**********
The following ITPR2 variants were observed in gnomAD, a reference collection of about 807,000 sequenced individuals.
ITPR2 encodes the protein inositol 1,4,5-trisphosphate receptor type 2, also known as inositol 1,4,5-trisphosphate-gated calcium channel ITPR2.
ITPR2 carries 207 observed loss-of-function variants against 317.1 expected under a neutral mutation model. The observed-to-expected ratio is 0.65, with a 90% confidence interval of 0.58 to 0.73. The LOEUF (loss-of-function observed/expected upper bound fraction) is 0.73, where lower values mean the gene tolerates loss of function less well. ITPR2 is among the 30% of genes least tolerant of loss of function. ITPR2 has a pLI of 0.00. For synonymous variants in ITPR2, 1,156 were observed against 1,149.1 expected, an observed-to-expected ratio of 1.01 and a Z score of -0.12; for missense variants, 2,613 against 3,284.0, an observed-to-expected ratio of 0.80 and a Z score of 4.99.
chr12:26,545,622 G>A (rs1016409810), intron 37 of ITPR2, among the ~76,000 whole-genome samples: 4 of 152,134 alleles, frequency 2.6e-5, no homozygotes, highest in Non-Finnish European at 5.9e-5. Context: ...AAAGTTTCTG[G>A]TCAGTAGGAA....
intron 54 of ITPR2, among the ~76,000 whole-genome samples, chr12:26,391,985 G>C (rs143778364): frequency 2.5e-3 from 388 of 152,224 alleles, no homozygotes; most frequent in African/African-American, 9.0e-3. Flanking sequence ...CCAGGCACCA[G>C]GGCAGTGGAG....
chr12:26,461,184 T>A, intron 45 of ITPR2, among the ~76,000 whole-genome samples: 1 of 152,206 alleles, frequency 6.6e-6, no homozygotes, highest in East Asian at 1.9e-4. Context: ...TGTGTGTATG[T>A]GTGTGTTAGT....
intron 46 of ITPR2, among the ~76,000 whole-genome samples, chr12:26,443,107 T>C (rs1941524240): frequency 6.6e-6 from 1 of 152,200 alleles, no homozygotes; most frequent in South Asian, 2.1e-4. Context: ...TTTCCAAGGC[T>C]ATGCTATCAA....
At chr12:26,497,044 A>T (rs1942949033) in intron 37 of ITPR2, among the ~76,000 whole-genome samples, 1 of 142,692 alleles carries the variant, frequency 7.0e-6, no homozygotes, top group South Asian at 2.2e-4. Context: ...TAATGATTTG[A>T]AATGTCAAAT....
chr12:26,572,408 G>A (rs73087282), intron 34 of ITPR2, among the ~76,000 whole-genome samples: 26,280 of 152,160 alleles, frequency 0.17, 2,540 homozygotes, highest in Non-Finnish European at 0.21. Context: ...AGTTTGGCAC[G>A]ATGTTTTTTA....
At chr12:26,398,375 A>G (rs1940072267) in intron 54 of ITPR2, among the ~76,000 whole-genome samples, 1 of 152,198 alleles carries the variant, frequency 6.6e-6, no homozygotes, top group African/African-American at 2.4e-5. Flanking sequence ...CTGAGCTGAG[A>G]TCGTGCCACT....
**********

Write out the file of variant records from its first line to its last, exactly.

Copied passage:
The following ITPR2 variants were observed in gnomAD, a reference collection of about 807,000 sequenced individuals.
ITPR2 encodes the protein inositol 1,4,5-trisphosphate receptor type 2, also known as inositol 1,4,5-trisphosphate-gated calcium channel ITPR2.
ITPR2 carries 207 observed loss-of-function variants against 317.1 expected under a neutral mutation model. The observed-to-expected ratio is 0.65, with a 90% confidence interval of 0.58 to 0.73. The LOEUF (loss-of-function observed/expected upper bound fraction) is 0.73, where lower values mean the gene tolerates loss of function less well. ITPR2 is among the 30% of genes least tolerant of loss of function. ITPR2 has a pLI of 0.00. For synonymous variants in ITPR2, 1,156 were observed against 1,149.1 expected, an observed-to-expected ratio of 1.01 and a Z score of -0.12; for missense variants, 2,613 against 3,284.0, an observed-to-expected ratio of 0.80 and a Z score of 4.99.
chr12:26,545,622 G>A (rs1016409810), intron 37 of ITPR2, among the ~76,000 whole-genome samples: 4 of 152,134 alleles, frequency 2.6e-5, no homozygotes, highest in Non-Finnish European at 5.9e-5. Context: ...AAAGTTTCTG[G>A]TCAGTAGGAA....
intron 54 of ITPR2, among the ~76,000 whole-genome samples, chr12:26,391,985 G>C (rs143778364): frequency 2.5e-3 from 388 of 152,224 alleles, no homozygotes; most frequent in African/African-American, 9.0e-3. Flanking sequence ...CCAGGCACCA[G>C]GGCAGTGGAG....
chr12:26,461,184 T>A, intron 45 of ITPR2, among the ~76,000 whole-genome samples: 1 of 152,206 alleles, frequency 6.6e-6, no homozygotes, highest in East Asian at 1.9e-4. Context: ...TGTGTGTATG[T>A]GTGTGTTAGT....
intron 46 of ITPR2, among the ~76,000 whole-genome samples, chr12:26,443,107 T>C (rs1941524240): frequency 6.6e-6 from 1 of 152,200 alleles, no homozygotes; most frequent in South Asian, 2.1e-4. Context: ...TTTCCAAGGC[T>C]ATGCTATCAA....
At chr12:26,497,044 A>T (rs1942949033) in intron 37 of ITPR2, among the ~76,000 whole-genome samples, 1 of 142,692 alleles carries the variant, frequency 7.0e-6, no homozygotes, top group South Asian at 2.2e-4. Context: ...TAATGATTTG[A>T]AATGTCAAAT....
chr12:26,572,408 G>A (rs73087282), intron 34 of ITPR2, among the ~76,000 whole-genome samples: 26,280 of 152,160 alleles, frequency 0.17, 2,540 homozygotes, highest in Non-Finnish European at 0.21. Context: ...AGTTTGGCAC[G>A]ATGTTTTTTA....
At chr12:26,398,375 A>G (rs1940072267) in intron 54 of ITPR2, among the ~76,000 whole-genome samples, 1 of 152,198 alleles carries the variant, frequency 6.6e-6, no homozygotes, top group African/African-American at 2.4e-5. Flanking sequence ...CTGAGCTGAG[A>G]TCGTGCCACT....